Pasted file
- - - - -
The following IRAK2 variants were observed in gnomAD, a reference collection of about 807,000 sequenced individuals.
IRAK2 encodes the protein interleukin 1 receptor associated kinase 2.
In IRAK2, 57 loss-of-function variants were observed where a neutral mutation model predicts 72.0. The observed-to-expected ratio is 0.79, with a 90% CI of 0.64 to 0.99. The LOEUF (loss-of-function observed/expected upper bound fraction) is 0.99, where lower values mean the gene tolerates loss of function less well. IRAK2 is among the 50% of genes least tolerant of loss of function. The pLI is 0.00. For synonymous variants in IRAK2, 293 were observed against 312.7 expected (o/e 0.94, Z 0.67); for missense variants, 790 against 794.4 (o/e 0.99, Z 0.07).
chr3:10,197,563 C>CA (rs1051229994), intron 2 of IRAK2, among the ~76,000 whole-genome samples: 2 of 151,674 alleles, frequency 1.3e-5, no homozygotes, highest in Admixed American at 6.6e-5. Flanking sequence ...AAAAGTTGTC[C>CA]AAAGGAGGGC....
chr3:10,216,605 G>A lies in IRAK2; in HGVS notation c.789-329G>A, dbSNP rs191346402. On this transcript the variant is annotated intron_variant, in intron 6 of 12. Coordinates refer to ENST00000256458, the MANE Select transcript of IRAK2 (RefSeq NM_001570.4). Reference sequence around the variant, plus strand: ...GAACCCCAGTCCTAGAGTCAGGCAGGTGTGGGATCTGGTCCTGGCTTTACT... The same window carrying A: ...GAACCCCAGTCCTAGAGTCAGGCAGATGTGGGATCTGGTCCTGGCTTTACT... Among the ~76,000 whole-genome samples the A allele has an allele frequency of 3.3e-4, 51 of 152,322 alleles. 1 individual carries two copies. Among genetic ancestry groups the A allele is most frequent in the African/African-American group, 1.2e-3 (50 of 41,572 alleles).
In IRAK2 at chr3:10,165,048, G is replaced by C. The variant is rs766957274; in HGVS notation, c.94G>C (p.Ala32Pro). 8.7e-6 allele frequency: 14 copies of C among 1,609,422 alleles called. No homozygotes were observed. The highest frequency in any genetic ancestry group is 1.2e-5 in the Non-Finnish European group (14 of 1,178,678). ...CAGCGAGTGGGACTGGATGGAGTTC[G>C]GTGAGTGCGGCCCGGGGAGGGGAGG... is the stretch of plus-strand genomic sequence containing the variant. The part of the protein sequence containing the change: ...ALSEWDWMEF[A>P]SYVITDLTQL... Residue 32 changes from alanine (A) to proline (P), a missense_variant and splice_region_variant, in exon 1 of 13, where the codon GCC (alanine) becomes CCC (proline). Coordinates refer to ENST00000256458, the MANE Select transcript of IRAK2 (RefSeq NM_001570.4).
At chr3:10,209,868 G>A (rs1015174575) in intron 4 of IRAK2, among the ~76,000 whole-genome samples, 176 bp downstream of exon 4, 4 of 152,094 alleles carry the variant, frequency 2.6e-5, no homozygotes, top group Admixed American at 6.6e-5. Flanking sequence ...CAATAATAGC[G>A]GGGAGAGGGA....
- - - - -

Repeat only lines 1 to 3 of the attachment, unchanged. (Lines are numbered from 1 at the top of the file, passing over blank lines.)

The following IRAK2 variants were observed in gnomAD, a reference collection of about 807,000 sequenced individuals.
IRAK2 encodes the protein interleukin 1 receptor associated kinase 2.
In IRAK2, 57 loss-of-function variants were observed where a neutral mutation model predicts 72.0. The observed-to-expected ratio is 0.79, with a 90% CI of 0.64 to 0.99. The LOEUF (loss-of-function observed/expected upper bound fraction) is 0.99, where lower values mean the gene tolerates loss of function less well. IRAK2 is among the 50% of genes least tolerant of loss of function. The pLI is 0.00. For synonymous variants in IRAK2, 293 were observed against 312.7 expected (o/e 0.94, Z 0.67); for missense variants, 790 against 794.4 (o/e 0.99, Z 0.07).